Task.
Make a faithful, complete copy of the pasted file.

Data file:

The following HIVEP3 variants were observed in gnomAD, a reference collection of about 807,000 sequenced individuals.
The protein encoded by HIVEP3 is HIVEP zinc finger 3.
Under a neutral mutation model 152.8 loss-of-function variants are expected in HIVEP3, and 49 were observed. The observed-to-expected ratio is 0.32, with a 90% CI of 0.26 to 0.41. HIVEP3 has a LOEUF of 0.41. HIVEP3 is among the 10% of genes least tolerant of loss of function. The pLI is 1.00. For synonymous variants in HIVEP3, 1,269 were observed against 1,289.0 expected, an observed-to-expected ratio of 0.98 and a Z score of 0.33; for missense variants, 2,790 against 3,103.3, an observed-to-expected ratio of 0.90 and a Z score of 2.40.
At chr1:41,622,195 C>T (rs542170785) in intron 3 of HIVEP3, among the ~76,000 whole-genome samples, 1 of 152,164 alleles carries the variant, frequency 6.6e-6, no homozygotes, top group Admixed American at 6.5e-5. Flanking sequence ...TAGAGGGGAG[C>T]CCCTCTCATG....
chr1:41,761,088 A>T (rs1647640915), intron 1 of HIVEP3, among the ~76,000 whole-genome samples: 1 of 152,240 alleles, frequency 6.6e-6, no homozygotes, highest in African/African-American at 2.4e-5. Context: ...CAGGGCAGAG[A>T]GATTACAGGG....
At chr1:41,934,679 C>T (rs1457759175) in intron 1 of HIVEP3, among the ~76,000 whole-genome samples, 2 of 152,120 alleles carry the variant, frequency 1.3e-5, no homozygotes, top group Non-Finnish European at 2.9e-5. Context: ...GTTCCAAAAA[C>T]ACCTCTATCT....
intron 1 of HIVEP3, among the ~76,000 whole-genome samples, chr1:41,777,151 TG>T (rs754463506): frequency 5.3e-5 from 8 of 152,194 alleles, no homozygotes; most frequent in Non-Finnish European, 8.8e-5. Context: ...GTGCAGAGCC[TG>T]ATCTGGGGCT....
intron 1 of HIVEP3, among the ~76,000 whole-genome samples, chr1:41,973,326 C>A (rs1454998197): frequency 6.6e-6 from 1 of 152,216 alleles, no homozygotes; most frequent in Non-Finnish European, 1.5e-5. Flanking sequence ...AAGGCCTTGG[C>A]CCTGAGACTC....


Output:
The following HIVEP3 variants were observed in gnomAD, a reference collection of about 807,000 sequenced individuals.
The protein encoded by HIVEP3 is HIVEP zinc finger 3.
Under a neutral mutation model 152.8 loss-of-function variants are expected in HIVEP3, and 49 were observed. The observed-to-expected ratio is 0.32, with a 90% CI of 0.26 to 0.41. HIVEP3 has a LOEUF of 0.41. HIVEP3 is among the 10% of genes least tolerant of loss of function. The pLI is 1.00. For synonymous variants in HIVEP3, 1,269 were observed against 1,289.0 expected, an observed-to-expected ratio of 0.98 and a Z score of 0.33; for missense variants, 2,790 against 3,103.3, an observed-to-expected ratio of 0.90 and a Z score of 2.40.
At chr1:41,622,195 C>T (rs542170785) in intron 3 of HIVEP3, among the ~76,000 whole-genome samples, 1 of 152,164 alleles carries the variant, frequency 6.6e-6, no homozygotes, top group Admixed American at 6.5e-5. Flanking sequence ...TAGAGGGGAG[C>T]CCCTCTCATG....
chr1:41,761,088 A>T (rs1647640915), intron 1 of HIVEP3, among the ~76,000 whole-genome samples: 1 of 152,240 alleles, frequency 6.6e-6, no homozygotes, highest in African/African-American at 2.4e-5. Context: ...CAGGGCAGAG[A>T]GATTACAGGG....
At chr1:41,934,679 C>T (rs1457759175) in intron 1 of HIVEP3, among the ~76,000 whole-genome samples, 2 of 152,120 alleles carry the variant, frequency 1.3e-5, no homozygotes, top group Non-Finnish European at 2.9e-5. Context: ...GTTCCAAAAA[C>T]ACCTCTATCT....
intron 1 of HIVEP3, among the ~76,000 whole-genome samples, chr1:41,777,151 TG>T (rs754463506): frequency 5.3e-5 from 8 of 152,194 alleles, no homozygotes; most frequent in Non-Finnish European, 8.8e-5. Context: ...GTGCAGAGCC[TG>T]ATCTGGGGCT....
intron 1 of HIVEP3, among the ~76,000 whole-genome samples, chr1:41,973,326 C>A (rs1454998197): frequency 6.6e-6 from 1 of 152,216 alleles, no homozygotes; most frequent in Non-Finnish European, 1.5e-5. Flanking sequence ...AAGGCCTTGG[C>A]CCTGAGACTC....